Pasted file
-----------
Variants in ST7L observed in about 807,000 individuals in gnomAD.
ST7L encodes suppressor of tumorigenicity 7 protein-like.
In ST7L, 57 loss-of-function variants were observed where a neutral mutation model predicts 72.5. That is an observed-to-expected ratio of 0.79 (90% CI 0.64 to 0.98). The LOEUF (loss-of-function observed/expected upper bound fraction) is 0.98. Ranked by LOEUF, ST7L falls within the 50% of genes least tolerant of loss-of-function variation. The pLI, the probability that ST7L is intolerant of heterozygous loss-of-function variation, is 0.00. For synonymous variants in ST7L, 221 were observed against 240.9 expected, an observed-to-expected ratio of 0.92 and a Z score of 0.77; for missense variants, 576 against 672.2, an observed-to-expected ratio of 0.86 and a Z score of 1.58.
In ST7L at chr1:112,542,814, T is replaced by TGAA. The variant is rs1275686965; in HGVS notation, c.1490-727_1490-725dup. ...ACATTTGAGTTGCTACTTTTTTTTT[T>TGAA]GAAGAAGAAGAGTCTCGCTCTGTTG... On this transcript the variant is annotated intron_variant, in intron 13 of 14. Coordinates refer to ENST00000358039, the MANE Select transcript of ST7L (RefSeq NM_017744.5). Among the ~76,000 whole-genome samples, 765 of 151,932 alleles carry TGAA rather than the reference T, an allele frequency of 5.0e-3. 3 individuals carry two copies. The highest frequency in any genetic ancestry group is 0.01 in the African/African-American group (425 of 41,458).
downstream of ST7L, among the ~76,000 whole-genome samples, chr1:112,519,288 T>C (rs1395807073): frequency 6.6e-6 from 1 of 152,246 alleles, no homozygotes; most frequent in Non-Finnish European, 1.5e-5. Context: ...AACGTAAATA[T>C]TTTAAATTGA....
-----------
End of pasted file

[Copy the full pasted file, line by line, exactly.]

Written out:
Variants in ST7L observed in about 807,000 individuals in gnomAD.
ST7L encodes suppressor of tumorigenicity 7 protein-like.
In ST7L, 57 loss-of-function variants were observed where a neutral mutation model predicts 72.5. That is an observed-to-expected ratio of 0.79 (90% CI 0.64 to 0.98). The LOEUF (loss-of-function observed/expected upper bound fraction) is 0.98. Ranked by LOEUF, ST7L falls within the 50% of genes least tolerant of loss-of-function variation. The pLI, the probability that ST7L is intolerant of heterozygous loss-of-function variation, is 0.00. For synonymous variants in ST7L, 221 were observed against 240.9 expected, an observed-to-expected ratio of 0.92 and a Z score of 0.77; for missense variants, 576 against 672.2, an observed-to-expected ratio of 0.86 and a Z score of 1.58.
In ST7L at chr1:112,542,814, T is replaced by TGAA. The variant is rs1275686965; in HGVS notation, c.1490-727_1490-725dup. ...ACATTTGAGTTGCTACTTTTTTTTT[T>TGAA]GAAGAAGAAGAGTCTCGCTCTGTTG... On this transcript the variant is annotated intron_variant, in intron 13 of 14. Coordinates refer to ENST00000358039, the MANE Select transcript of ST7L (RefSeq NM_017744.5). Among the ~76,000 whole-genome samples, 765 of 151,932 alleles carry TGAA rather than the reference T, an allele frequency of 5.0e-3. 3 individuals carry two copies. The highest frequency in any genetic ancestry group is 0.01 in the African/African-American group (425 of 41,458).
downstream of ST7L, among the ~76,000 whole-genome samples, chr1:112,519,288 T>C (rs1395807073): frequency 6.6e-6 from 1 of 152,246 alleles, no homozygotes; most frequent in Non-Finnish European, 1.5e-5. Context: ...AACGTAAATA[T>C]TTTAAATTGA....